I realized recently that in an effort to improve my blog, I’ve fallen into the trap of copying the voices of others to fit in.   I’ve fallen back into what’s easy and comfortable and natural to this native speaker, the language of the Christian ghetto.

I’m all for encouraging other Christian moms—I want to do that—but there are a lot of great ladies out there doing that too, and the last thing I want this space to be is a happy-clappy mommy blog that feels like part of some exclusive club.  A place where it’s Us Four and No More and if you aren’t like me I’m going to wave a sign and carry on about how you are the problem with America.

I’m not going to write for an increase in page views.  I’ll work hard to improve my craft, but my goal isn’t stats, it’s people.

We’re all a sisterhood of moms on a journey that’s rocky at times.  We can all learn from smart women who have gone before us.  We all want to know how to better love our kids, how to protect them, what to feed them, what to do when they melt down in the grocery store, how to educate them, and how to meet their emotional and spiritual needs.  We want to know how to care for ourselves as moms, and what can heal the hurt and empty places that we all have in our hearts.  And as I learn myself, those are the things that I want to share with you.  Me?  I think a lot of that will have to do with Jesus.  But even if you aren’t a Christian, I hope you’ll find something to take away.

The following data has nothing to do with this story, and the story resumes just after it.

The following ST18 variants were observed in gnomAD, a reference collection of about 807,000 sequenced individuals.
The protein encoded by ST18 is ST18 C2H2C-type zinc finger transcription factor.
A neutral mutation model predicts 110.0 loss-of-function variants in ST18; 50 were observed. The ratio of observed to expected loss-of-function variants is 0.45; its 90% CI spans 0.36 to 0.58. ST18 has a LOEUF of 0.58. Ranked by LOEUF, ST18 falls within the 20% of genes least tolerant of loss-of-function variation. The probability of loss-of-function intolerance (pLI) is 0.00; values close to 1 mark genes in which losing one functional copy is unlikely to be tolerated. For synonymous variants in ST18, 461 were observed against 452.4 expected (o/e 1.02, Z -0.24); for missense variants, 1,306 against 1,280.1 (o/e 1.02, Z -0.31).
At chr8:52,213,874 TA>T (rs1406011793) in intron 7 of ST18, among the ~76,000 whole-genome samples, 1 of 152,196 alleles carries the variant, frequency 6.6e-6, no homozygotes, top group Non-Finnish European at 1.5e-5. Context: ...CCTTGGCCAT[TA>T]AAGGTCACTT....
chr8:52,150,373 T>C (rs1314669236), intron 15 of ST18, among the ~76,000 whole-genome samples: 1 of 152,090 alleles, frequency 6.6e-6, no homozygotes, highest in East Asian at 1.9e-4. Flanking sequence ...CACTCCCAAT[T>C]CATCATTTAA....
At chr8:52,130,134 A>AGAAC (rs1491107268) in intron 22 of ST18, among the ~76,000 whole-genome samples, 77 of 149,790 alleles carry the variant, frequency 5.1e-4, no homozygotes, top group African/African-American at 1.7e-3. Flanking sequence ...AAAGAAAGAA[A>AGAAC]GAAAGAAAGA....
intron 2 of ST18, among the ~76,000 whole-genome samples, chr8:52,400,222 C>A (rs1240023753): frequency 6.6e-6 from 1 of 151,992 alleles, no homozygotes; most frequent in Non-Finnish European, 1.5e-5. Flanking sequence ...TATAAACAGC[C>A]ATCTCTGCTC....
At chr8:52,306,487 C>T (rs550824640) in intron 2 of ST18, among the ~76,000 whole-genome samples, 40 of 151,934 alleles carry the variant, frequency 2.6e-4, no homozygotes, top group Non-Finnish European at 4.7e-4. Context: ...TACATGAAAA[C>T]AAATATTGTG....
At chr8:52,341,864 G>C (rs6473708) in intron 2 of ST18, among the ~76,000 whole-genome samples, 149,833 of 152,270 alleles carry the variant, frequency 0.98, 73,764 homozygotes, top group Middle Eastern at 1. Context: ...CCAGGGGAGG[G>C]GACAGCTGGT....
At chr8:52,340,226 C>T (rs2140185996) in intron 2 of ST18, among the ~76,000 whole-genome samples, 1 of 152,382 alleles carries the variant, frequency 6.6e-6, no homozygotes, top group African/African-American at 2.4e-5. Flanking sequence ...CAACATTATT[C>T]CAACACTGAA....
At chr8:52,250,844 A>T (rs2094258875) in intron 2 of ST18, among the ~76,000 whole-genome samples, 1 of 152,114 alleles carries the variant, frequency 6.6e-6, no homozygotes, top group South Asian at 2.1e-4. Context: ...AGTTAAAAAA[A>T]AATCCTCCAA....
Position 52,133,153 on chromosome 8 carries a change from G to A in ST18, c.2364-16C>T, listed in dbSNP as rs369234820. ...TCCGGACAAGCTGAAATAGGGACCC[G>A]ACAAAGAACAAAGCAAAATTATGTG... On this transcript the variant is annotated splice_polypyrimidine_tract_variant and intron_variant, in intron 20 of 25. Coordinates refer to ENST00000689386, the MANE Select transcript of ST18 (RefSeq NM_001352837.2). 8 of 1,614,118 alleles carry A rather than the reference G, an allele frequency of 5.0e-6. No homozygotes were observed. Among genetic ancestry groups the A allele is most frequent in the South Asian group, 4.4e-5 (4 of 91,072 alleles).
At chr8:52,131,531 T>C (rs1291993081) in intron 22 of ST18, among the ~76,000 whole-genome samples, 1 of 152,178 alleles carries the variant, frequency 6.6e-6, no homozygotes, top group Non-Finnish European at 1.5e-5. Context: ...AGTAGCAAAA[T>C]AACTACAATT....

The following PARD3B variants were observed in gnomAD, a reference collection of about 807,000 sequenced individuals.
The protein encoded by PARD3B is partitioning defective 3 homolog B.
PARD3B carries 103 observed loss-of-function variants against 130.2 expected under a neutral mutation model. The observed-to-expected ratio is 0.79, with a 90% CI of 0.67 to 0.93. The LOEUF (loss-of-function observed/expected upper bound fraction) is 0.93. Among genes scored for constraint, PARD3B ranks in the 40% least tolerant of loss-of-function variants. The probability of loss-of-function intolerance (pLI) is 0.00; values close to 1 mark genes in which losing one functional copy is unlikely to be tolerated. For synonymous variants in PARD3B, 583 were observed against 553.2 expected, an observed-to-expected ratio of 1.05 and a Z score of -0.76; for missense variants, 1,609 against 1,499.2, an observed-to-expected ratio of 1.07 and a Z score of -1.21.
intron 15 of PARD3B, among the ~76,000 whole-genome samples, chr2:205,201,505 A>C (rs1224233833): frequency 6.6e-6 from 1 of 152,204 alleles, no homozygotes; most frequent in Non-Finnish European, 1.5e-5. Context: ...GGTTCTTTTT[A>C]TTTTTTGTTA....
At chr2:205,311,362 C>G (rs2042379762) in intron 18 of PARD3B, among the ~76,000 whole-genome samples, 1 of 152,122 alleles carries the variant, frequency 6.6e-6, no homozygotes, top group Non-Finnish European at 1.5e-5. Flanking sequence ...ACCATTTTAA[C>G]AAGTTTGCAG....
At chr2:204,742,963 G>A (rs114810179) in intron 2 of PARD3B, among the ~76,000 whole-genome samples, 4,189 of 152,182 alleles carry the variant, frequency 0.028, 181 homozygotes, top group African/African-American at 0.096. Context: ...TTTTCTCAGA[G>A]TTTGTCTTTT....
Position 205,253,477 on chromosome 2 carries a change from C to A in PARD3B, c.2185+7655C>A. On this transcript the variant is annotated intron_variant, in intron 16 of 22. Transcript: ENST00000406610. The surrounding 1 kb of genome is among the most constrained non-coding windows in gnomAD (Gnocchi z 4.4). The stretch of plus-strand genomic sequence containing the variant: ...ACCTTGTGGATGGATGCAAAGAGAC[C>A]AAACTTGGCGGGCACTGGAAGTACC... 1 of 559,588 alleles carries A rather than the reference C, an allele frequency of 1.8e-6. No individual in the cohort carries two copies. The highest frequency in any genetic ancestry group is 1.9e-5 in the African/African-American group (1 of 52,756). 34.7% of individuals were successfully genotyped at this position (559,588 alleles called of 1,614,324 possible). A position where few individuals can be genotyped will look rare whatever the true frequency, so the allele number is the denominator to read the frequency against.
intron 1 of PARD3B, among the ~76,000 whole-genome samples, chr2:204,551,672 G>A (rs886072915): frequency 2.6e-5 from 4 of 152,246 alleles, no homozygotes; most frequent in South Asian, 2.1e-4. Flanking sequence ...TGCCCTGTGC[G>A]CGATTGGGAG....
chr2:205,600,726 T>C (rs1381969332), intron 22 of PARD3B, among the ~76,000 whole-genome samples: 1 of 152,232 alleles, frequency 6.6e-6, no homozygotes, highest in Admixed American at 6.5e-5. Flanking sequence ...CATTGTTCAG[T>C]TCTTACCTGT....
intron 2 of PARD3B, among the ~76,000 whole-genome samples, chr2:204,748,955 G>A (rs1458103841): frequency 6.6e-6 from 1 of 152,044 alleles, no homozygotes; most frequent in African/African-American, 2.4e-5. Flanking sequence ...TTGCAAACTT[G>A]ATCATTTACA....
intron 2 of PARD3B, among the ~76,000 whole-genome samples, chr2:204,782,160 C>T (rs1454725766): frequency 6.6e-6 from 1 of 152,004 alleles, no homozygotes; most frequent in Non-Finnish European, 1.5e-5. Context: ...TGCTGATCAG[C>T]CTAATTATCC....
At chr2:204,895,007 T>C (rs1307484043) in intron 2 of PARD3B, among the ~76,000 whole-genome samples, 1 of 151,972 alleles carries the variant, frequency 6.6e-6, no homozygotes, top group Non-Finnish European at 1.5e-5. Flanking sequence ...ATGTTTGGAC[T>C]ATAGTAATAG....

So thanks for reading.

You aren’t alone.

No matter where you are on your journey, I care about you.


Please feel free to like me on Facebook or follow me on Twitter!  I would be thrilled!


Welcome to Reviving Motherhood!

The MOB Society, a great blog for mothers of boys, is hosting their second annual boy mom blog hop, and this year I am participating.

So MOB Society readers, welcome to Reviving Motherhood!

I’m Stephanie.  I have two sons—9 and 1 ½ (and three daughters too.)

I’m joyfully married, and I’m a homeschool grad who now homeschools my own 5.

I LOVE to learn from wise older women who have successfully raised great kids, and to pass that knowledge on to others.  I want to be just like them when I grow up!  I just started Mentor Mondays on my blog, where I publish guest posts and quotes from godly older women we younger ladies can learn from.